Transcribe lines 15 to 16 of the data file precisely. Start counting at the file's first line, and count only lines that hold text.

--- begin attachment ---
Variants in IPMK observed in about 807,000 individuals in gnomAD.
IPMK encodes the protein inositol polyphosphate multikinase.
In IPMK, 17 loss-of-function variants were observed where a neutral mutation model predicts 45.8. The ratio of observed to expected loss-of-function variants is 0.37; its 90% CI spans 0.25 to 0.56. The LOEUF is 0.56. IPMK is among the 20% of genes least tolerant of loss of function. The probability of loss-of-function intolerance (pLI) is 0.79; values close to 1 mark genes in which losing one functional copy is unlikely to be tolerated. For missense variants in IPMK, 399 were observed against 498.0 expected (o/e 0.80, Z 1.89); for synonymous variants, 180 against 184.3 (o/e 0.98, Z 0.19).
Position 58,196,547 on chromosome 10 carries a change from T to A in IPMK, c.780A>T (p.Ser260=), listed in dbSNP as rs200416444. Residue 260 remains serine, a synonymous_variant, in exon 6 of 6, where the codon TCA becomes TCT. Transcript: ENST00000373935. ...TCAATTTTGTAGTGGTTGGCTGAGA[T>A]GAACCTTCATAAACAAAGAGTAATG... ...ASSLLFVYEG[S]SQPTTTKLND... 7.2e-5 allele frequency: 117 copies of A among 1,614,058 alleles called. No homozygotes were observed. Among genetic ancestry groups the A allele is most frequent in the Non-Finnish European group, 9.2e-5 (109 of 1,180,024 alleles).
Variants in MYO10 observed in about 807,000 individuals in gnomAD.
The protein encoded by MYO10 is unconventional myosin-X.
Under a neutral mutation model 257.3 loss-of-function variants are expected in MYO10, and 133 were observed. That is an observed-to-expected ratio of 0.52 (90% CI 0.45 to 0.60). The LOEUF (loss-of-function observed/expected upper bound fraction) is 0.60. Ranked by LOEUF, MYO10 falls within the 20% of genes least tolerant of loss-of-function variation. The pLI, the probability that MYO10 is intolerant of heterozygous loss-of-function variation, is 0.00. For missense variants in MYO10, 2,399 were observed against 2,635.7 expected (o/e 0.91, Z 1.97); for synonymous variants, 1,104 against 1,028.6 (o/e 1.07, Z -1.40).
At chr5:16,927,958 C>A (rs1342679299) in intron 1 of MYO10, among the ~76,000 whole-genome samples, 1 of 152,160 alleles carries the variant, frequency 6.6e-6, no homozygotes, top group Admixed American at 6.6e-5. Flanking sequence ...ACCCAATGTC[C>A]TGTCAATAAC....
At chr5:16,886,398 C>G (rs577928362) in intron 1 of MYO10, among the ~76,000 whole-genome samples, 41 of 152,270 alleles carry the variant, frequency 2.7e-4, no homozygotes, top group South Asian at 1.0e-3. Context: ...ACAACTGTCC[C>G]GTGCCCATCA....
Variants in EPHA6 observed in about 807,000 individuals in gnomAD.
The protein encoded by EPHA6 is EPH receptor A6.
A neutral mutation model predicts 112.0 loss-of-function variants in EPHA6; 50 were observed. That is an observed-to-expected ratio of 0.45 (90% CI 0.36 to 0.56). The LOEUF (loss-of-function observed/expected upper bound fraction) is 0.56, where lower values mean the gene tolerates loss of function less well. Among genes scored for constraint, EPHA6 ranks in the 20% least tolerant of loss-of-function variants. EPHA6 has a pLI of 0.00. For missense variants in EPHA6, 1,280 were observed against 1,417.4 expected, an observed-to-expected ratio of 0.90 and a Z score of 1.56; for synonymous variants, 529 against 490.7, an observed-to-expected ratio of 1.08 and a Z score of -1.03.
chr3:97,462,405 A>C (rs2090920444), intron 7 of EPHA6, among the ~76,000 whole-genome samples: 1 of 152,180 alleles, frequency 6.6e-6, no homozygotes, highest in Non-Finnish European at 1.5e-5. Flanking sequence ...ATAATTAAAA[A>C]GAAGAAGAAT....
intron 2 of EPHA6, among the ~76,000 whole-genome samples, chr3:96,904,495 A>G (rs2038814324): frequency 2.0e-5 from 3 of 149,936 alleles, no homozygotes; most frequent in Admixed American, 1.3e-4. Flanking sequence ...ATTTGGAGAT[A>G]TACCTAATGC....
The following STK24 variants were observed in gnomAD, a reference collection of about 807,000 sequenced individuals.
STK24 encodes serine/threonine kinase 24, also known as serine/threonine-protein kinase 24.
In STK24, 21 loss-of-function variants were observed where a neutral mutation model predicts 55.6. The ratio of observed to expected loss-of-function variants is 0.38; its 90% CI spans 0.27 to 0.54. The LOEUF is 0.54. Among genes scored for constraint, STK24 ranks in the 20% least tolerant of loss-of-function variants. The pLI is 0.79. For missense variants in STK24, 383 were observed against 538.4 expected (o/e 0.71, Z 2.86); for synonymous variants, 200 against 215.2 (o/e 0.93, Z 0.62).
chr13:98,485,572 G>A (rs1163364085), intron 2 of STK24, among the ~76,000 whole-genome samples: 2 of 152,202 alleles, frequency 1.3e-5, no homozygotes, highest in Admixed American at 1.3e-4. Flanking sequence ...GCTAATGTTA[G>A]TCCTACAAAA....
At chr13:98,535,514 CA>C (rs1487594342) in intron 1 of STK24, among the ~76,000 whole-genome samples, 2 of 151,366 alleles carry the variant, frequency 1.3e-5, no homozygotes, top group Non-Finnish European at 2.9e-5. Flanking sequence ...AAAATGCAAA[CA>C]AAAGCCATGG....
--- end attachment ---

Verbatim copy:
The following STK24 variants were observed in gnomAD, a reference collection of about 807,000 sequenced individuals.
STK24 encodes serine/threonine kinase 24, also known as serine/threonine-protein kinase 24.